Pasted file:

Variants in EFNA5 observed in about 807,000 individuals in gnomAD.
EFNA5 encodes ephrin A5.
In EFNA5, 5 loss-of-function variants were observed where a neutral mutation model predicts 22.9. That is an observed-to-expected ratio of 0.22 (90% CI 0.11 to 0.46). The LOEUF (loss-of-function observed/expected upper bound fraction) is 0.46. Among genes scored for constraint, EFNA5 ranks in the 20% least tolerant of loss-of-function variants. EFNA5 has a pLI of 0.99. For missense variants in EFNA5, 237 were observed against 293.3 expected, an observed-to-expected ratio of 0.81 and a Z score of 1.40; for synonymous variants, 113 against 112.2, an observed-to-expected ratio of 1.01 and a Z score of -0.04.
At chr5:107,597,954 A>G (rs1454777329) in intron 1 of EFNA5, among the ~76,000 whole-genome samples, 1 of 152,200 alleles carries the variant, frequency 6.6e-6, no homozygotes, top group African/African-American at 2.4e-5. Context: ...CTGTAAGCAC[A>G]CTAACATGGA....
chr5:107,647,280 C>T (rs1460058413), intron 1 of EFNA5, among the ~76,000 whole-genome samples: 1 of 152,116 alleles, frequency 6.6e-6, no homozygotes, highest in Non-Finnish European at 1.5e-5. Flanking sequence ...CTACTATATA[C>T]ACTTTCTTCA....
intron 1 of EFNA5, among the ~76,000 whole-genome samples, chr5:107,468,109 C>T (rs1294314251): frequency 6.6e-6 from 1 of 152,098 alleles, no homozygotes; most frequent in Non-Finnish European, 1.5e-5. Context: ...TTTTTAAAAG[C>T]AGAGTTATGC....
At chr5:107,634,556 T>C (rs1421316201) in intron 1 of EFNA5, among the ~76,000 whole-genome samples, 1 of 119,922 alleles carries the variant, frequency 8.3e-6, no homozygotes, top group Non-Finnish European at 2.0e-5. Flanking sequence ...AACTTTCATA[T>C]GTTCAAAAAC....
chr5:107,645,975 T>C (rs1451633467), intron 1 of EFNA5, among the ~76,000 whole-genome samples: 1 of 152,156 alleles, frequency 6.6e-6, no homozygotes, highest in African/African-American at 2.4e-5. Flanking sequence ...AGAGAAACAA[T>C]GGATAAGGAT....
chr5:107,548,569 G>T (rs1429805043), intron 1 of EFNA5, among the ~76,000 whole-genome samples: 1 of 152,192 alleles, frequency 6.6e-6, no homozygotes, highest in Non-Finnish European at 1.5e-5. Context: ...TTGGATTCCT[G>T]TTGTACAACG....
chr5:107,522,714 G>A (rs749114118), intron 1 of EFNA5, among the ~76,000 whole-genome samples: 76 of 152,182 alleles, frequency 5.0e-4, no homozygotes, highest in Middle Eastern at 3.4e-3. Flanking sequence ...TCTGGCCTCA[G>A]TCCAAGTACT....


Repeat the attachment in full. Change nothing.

Variants in EFNA5 observed in about 807,000 individuals in gnomAD.
EFNA5 encodes ephrin A5.
In EFNA5, 5 loss-of-function variants were observed where a neutral mutation model predicts 22.9. That is an observed-to-expected ratio of 0.22 (90% CI 0.11 to 0.46). The LOEUF (loss-of-function observed/expected upper bound fraction) is 0.46. Among genes scored for constraint, EFNA5 ranks in the 20% least tolerant of loss-of-function variants. EFNA5 has a pLI of 0.99. For missense variants in EFNA5, 237 were observed against 293.3 expected, an observed-to-expected ratio of 0.81 and a Z score of 1.40; for synonymous variants, 113 against 112.2, an observed-to-expected ratio of 1.01 and a Z score of -0.04.
At chr5:107,597,954 A>G (rs1454777329) in intron 1 of EFNA5, among the ~76,000 whole-genome samples, 1 of 152,200 alleles carries the variant, frequency 6.6e-6, no homozygotes, top group African/African-American at 2.4e-5. Context: ...CTGTAAGCAC[A>G]CTAACATGGA....
chr5:107,647,280 C>T (rs1460058413), intron 1 of EFNA5, among the ~76,000 whole-genome samples: 1 of 152,116 alleles, frequency 6.6e-6, no homozygotes, highest in Non-Finnish European at 1.5e-5. Flanking sequence ...CTACTATATA[C>T]ACTTTCTTCA....
intron 1 of EFNA5, among the ~76,000 whole-genome samples, chr5:107,468,109 C>T (rs1294314251): frequency 6.6e-6 from 1 of 152,098 alleles, no homozygotes; most frequent in Non-Finnish European, 1.5e-5. Context: ...TTTTTAAAAG[C>T]AGAGTTATGC....
At chr5:107,634,556 T>C (rs1421316201) in intron 1 of EFNA5, among the ~76,000 whole-genome samples, 1 of 119,922 alleles carries the variant, frequency 8.3e-6, no homozygotes, top group Non-Finnish European at 2.0e-5. Flanking sequence ...AACTTTCATA[T>C]GTTCAAAAAC....
chr5:107,645,975 T>C (rs1451633467), intron 1 of EFNA5, among the ~76,000 whole-genome samples: 1 of 152,156 alleles, frequency 6.6e-6, no homozygotes, highest in African/African-American at 2.4e-5. Flanking sequence ...AGAGAAACAA[T>C]GGATAAGGAT....
chr5:107,548,569 G>T (rs1429805043), intron 1 of EFNA5, among the ~76,000 whole-genome samples: 1 of 152,192 alleles, frequency 6.6e-6, no homozygotes, highest in Non-Finnish European at 1.5e-5. Context: ...TTGGATTCCT[G>T]TTGTACAACG....
chr5:107,522,714 G>A (rs749114118), intron 1 of EFNA5, among the ~76,000 whole-genome samples: 76 of 152,182 alleles, frequency 5.0e-4, no homozygotes, highest in Middle Eastern at 3.4e-3. Flanking sequence ...TCTGGCCTCA[G>A]TCCAAGTACT....